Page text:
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Into The Wilderness Wet

As we move deeper into the Season of Lent, I wanted to share this meditation through Art. Cody Wood is the Liturgical Artist in Residence for the Columbus Anglican Mission. We will share more of his reflections on Art and Lent in the weeks to come.

For now, we invite you to take some time for contemplation and prayer, allowing God to move not only your heart, but your feet, as you consider what it means to follow Jesus into the Wilderness.

Into the Wilderness Wet

by Cody Wood

“Jesus didn’t go into the wilderness as one who had passed through on dry land.

He went as one who had passed through the waters.”

Gospel Reading

Mark 1:9-15

In those days Jesus came from Nazareth of Galilee and was baptized by John in the Jordan. And just as he was coming up out of the water, he saw the heavens torn apart and the Spirit descending like a dove on him. And a voice came from heaven, “You are my Son, the Beloved; with you I am well pleased.”

And the Spirit immediately drove him out into the wilderness. He was in the wilderness forty days, tempted by Satan; and he was with the wild beasts; and the angels waited on him.

Now after John was arrested, Jesus came to Galilee, proclaiming the good news of God, and saying, “The time is fulfilled, and the kingdom of God has come near; repent, and believe in the good news.”

Contemplate with Art:

  • Look at the painting and pause at the first thing that catches your eye. Stay there for a moment and ask what it is that draws you to this place?

  • Continue around the painting in the same manner, pausing to gaze at each place that catches your eye.

  • Now sit back and look at the painting as a whole. What, if anything, do you see that you didn’t notice before?

  • Read the Artist Statement.

Into the Wilderness Wet by Cody Wood


"When I considered making a piece of liturgical art for Lent, it was immediately apparent that, unlike other observances (Advent with The Annunciation and Nativity, Good Friday with Gethsamane and The Crucifixion) Lent doesn’t have a clear moment. We can’t turn to the Bible and find the “Lent scene.” Reflecting on this season, what came to mind was Jesus’ forty-day fast in the wilderness, coinciding with the forty days of Lent.

I didn’t want to make an illustration, but an evocative piece for contemplation. The accounts of Jesus' baptism and departure into the wilds, prophetically echo Israel’s Exodus from Egypt and other significant Old Testament crossings of the Jordan. The key difference in Jesus’ case is that he wasn’t led/driven into the wilderness as one who had “passed through on dry land.” Jesus is plunged beneath the water like Pharoah, as Israel would have been without God’s protection. Only after Jesus has been “drowned/buried,” do we see the Spirit descend. Compelled by The Holy Spirit, Jesus went out to be tested, not dry, but drenched.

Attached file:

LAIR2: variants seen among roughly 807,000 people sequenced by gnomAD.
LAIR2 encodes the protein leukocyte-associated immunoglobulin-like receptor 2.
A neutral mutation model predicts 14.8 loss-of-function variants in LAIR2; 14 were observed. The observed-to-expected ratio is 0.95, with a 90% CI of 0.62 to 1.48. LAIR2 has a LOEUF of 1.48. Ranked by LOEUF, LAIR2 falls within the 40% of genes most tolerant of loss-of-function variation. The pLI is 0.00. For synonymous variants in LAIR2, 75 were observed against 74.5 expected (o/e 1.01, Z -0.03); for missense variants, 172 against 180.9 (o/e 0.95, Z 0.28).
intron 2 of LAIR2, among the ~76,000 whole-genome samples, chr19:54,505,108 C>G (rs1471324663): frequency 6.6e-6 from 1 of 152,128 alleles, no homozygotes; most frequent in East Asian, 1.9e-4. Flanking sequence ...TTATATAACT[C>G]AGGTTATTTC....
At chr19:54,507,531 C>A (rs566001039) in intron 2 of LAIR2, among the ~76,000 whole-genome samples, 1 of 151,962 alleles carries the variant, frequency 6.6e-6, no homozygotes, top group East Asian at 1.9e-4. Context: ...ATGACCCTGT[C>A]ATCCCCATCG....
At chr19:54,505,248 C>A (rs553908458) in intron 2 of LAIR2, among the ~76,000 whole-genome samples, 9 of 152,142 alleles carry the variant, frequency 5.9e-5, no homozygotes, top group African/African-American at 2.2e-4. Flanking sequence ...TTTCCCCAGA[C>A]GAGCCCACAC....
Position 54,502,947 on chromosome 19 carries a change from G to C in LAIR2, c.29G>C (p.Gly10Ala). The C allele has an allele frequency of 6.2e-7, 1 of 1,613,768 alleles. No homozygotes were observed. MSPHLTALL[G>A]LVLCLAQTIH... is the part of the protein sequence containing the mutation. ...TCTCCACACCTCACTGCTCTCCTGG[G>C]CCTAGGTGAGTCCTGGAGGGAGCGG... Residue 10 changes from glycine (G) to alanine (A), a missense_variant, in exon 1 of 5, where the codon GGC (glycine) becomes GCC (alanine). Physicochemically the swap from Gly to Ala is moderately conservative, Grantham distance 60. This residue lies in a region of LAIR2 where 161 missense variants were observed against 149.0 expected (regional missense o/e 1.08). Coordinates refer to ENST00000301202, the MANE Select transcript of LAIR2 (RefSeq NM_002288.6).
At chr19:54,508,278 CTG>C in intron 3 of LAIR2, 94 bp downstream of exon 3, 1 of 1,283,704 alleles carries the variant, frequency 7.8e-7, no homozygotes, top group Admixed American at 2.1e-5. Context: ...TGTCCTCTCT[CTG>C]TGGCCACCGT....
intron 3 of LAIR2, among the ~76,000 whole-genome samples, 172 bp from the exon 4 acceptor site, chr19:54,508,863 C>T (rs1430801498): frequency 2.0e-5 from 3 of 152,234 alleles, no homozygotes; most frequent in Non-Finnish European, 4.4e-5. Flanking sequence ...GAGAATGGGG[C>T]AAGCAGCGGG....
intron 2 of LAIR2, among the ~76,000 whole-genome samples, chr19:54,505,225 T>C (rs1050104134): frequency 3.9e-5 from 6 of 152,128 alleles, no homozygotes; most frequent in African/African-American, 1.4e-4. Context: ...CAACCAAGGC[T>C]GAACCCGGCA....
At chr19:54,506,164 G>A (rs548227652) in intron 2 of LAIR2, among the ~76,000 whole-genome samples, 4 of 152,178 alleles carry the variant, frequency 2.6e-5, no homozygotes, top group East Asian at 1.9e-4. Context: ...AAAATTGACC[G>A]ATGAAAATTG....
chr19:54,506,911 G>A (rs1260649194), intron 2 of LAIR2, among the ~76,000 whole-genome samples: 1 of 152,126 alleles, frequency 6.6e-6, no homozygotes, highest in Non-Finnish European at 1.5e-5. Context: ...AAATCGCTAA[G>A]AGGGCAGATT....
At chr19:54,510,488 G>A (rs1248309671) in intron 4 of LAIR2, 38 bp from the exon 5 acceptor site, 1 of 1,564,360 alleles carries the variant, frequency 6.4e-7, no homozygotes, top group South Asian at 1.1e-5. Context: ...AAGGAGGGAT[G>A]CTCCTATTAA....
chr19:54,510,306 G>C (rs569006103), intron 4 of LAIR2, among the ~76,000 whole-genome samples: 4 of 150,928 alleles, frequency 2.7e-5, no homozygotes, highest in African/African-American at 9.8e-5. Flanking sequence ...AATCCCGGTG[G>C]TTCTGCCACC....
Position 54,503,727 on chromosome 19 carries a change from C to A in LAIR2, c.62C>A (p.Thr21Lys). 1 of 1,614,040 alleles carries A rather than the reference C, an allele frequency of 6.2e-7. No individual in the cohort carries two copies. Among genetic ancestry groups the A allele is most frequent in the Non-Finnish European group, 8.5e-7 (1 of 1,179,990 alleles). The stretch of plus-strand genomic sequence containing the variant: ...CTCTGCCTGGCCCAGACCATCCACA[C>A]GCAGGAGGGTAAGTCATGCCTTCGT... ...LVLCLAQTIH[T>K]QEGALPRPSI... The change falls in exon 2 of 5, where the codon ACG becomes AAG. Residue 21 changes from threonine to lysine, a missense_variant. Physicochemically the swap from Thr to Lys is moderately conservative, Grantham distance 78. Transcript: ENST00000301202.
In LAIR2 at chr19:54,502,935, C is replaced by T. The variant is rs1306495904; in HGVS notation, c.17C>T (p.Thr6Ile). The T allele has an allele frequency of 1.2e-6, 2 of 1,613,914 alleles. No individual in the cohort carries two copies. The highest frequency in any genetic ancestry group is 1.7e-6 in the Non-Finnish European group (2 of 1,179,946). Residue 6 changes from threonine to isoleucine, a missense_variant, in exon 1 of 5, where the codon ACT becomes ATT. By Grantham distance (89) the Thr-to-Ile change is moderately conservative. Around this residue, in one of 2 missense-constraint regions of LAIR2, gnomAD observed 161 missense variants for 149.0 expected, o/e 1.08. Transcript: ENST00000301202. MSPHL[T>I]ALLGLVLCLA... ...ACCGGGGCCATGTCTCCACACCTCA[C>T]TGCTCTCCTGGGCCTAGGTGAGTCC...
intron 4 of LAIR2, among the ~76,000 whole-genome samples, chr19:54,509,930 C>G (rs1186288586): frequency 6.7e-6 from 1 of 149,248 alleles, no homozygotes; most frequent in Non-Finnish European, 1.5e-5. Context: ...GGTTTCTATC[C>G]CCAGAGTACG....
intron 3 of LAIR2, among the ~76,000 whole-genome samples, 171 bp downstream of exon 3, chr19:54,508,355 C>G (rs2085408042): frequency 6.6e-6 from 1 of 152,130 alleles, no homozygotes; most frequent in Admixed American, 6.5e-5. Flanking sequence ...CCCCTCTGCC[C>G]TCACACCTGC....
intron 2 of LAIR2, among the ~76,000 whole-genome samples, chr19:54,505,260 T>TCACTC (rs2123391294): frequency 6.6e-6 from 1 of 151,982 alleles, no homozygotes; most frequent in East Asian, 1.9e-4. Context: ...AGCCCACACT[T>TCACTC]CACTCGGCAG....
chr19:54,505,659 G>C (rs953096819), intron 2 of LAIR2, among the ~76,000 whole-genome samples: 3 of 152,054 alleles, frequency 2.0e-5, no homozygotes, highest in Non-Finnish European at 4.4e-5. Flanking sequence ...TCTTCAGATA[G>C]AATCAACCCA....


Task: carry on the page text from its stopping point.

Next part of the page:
More than anything I have made before, this piece was a contemplative exercise where I allowed the decisions and materials to be a meaningful conversation. I began with an old riverscape painting I had made years ago. I turned it ninety degrees, like someone would see the scene if they were being laid down in the river itself. This was my starting point. I was going to submerge/ bury the riverscape with my new painting, a map of the Jordan River Valley between Galilee and The Dead Sea.

In recent years, most of my work has been digital, but I knew I wanted to make this piece with physical materials more consistent with an Incarnational, “in-the-flesh” God. Historically, I approach these decisions with very technical concerns; aspects like paint handling and drying time influence my choices. With this piece, I seized on the opportunity to make material decisions based on meaning. I burned kindling to make ash that I mixed with oil for all of the dark blue. I used real sand in the desert places of the map. The Dead Sea has salt mixed in the paint. I wanted all of these symbolically significant elements to be more than just theoretical, but actual and present in the work.

A continual struggle in my growth as an artist is overcoming fear– fear I’m not good enough, that I’ll “mess up” the work. One way through this struggle is to make conscious decisions to intentionally “mess it up.” In this work, that move took a wonderfully participatory turn. I painted the bottoms of my feet, and walked across the painting, leaving wet footprints across the canvas. Finally, I painted ripples over the entire composition, as if the whole work is submerged. My hope is that the final work is less a statement, but more an invitation. Allow the elements to evoke your own reflections and create time and space to hear from God as we follow our Master into the wilderness."



  • Reflect on the structure: color, lines, shadows, texture, and intensity. How do you react to the painting?

  • What is the mood of the painting? How do you feel when you look at this painting?

  • The wilderness is the place where God speaks. Do you sense God speaking to you through this painting?

  • What memories are stirred? In God’s presence, sit with these memories for a few moments.


  • Close your eyes and recall the painting in your mind. What do you remember of the painting? Talk with God about anything you experienced.

  • Are you resistant to anything you are experiencing? If so talk to God about what you are resisting.

  • Do you sense God speaking to you or calling you to action? Ask God for the help to follow his voice.

Pray: Almighty God, whose blessed Son was led by the Spirit to be tempted by Satan: Come quickly to help us who are assaulted by many temptations; and, as you know the weaknesses of each of us, let each one find you mighty to save; through Jesus Christ your Son our Lord, who lives and reigns with you and the Holy Spirit, one God, now and for ever. Amen.


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